ERAU group installs water purification system in Haiti

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Embry-Riddle junior Kyle
       Fennesy, 20, works on the solar panels
that are part of the water purification system that students installed in Haiti. (Provided by ERAU)

DAYTONA BEACH — A tent city in Haiti is receiving clean water daily after a group from Embry-Riddle Aeronautical University installed a water purification system.
The 10 Embry-Riddle mechanical, civil and aeronautical engineering students and a professor returned this week after spending about six days to help thousands of victims of the 2010 earthquake who are living in tents and surrounding areas of Onaville, Haiti, a displacement camp built northeast of Port-Au-Prince.

This is the third water system Embry-Riddle has delivered to Haiti. Previous recipients were an orphanage last year and a missionary relief camp.
In an unrelated trip, a church in Deltona also recently returned from helping to feed and take other supplies to children in Haiti.
The new water purification system is able to pump 20,000 gallons of clean water every day at a rate of 15 gallons a minute as opposed to last year’s system of 4 gallons a minute.
The Embry-Riddle students and Marc Compere, Embry-Riddle assistant professor of mechanical engineering, shipped the system they designed to Nehemiah Vision Ministries in Haiti. It was then trucked to the tent-city site.

The clean-water system is about 6 feet high and operates on solar power and a diesel generator. Miller-Leaman Inc., a Daytona Beach-based water purification manufacturer, also helped with manufacturing and consulting.
About 50 people were lined up waiting after the students finished putting the system together, according to Embry-Riddle grad student Yung Wong, 22, of Iselin, N.J., the graduate team leader.

People in Haiti line up to get water from a water purification
system that Embry-Riddle Aeronautical University students installed this month. (Provided by ERAU)

“It was continuous. Once we started, there was a lot more people coming,” said Wong, who also went to Haiti last year to install a similar system to an orphanage. “It was a pretty rewarding feeling. It’s amazing to be able to give clean water to people who don’t have access to it.”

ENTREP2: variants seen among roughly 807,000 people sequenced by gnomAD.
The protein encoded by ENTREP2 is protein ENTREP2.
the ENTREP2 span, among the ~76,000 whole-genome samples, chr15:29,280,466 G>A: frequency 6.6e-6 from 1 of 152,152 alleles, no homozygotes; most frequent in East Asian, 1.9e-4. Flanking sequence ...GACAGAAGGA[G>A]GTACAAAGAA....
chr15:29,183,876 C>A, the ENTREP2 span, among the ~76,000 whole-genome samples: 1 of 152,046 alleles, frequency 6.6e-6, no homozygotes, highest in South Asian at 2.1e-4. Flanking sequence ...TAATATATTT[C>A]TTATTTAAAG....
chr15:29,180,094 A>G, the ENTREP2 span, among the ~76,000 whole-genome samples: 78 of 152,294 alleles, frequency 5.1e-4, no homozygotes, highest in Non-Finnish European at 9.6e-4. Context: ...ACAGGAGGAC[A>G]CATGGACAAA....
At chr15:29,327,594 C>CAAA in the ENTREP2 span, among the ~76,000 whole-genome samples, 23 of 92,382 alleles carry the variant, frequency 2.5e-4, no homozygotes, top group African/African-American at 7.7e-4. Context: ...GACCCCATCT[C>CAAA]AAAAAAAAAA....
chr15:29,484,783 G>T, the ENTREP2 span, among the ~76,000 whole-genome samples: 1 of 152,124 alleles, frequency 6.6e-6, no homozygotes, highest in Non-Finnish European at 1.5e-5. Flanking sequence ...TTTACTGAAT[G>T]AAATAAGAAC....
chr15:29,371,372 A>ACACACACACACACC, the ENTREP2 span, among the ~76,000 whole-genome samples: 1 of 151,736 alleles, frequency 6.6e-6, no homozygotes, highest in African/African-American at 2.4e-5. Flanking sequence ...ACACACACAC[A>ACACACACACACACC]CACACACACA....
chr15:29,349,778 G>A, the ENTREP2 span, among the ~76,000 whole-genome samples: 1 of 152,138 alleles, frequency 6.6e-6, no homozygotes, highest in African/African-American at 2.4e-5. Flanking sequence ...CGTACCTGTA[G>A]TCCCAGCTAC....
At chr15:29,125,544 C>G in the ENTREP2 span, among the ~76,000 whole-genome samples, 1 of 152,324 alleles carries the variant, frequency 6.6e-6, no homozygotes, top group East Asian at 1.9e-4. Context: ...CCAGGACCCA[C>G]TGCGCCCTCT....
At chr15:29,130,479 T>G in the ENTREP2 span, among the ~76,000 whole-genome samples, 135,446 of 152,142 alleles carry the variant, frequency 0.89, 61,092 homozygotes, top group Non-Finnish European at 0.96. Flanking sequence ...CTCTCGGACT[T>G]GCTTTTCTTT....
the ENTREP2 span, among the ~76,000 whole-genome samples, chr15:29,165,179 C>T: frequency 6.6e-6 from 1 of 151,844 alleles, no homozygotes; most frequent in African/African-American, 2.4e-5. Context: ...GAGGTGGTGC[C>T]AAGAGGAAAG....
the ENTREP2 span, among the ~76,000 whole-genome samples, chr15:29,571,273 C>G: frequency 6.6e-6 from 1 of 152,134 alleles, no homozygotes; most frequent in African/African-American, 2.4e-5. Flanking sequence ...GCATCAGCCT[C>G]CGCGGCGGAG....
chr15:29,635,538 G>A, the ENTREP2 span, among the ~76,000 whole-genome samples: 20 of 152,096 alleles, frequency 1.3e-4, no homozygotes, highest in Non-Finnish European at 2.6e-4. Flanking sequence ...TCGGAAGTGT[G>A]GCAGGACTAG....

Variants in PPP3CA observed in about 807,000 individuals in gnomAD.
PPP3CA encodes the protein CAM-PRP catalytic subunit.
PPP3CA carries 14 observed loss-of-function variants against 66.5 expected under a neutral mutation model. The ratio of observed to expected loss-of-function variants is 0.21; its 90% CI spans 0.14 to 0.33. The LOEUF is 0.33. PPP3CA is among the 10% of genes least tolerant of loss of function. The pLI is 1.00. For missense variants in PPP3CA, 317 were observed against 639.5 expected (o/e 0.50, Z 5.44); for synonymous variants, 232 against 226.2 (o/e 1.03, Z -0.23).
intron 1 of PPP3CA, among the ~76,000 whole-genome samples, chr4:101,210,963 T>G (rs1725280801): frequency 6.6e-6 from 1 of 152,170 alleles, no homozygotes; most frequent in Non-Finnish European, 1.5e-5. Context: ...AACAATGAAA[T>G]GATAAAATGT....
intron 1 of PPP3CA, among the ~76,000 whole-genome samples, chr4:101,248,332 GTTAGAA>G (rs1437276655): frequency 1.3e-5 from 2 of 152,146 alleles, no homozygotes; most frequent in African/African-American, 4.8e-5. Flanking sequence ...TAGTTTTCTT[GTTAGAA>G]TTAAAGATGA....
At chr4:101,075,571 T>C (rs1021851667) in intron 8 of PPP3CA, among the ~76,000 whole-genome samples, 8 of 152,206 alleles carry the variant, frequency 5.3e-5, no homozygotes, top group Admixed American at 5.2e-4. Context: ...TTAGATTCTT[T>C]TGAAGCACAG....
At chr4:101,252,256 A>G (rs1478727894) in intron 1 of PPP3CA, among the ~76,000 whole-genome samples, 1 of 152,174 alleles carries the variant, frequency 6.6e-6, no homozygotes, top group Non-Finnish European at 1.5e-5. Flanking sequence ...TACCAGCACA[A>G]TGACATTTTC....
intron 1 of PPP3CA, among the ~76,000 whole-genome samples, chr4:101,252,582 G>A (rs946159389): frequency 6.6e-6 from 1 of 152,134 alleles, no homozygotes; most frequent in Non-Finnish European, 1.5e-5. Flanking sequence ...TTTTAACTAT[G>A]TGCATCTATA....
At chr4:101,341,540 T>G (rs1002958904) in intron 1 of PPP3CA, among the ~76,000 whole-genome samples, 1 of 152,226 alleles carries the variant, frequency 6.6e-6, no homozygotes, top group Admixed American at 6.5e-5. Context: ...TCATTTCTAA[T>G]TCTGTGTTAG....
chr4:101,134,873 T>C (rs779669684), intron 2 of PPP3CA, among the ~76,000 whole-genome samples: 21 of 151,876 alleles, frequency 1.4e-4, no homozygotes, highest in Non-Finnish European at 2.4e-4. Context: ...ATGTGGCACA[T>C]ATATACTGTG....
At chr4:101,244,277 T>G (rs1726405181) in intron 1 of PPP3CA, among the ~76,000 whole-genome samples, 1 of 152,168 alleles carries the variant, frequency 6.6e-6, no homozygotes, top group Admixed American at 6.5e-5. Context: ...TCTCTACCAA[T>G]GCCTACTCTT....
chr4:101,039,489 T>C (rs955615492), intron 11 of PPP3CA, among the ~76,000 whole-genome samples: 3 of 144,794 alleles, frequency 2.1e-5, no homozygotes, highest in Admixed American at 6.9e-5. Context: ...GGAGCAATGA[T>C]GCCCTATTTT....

He said the pastor of the village compared Embry-Riddle students providing water to people in the desert similar to the story of Moses from the Bible.
The students trained the pastor and a 15-year-old to run the system, which includes tanks that store the water.
Some of the group hopes to return in a couple of months to move the contraption to a permanent housing structure closer to the well.
They also want to bring a second purifier to the tent city next year so more people can be served.
Embry-Riddle junior Kyle Fennesy, 20, of Richmond, Texas, undergraduate team leader for the trip, said he was “touched by the strength of the Haitian people and how much they value clean water. It was very eye-opening to see how easily Americans take water for granted and how easily we are able to focus on our work and education without even a second glance or worry about where our water is coming from.”
Embry-Riddle grad student Shavin Pinto, 23, of Sri Lanka, who was on his first trip, said he thought he would be used to seeing poverty coming from a third-world country. But he was amazed by what he saw.
“We saw kids all around that had no water at all. Water was like gold for them,” Pinto said.
Another area group also recently returned from Haiti.
A team of 14 people from Deltona Alliance Church served food to 500 kids at the Kids Against Hunger feeding center in Arcahaie, Haiti. Church members also took 15 suitcases of school supplies from the church for some of the orphanages and schools. The group also painted classrooms and worked on buildings at Children’s Lifeline, which provides assistance to underdeveloped areas in Haiti and at one of their schools.
Jeff Gryboski, a member of the church who organized the mission trip, has personally been to Haiti about 10 times in the past two years, focusing on rebuilding three churches as part of the Christian and Missionary Alliance.
Gryboski, who has a home maintenance service and has worked for general contractors, was joined on this trip by his wife, Sherri, and their oldest child, Noah, 11.
“The whole reason I go is because in scripture it tells us you have to love your neighbor as yourself,” Gryboski said.
Gryboski said he has seen progress in the past two years, though it was initially slow, and there are still tent cities, collapsed buildings and “debris is still evident.”
He has taken one or two individuals from the church to Haiti in the past but this was the first team of this size.

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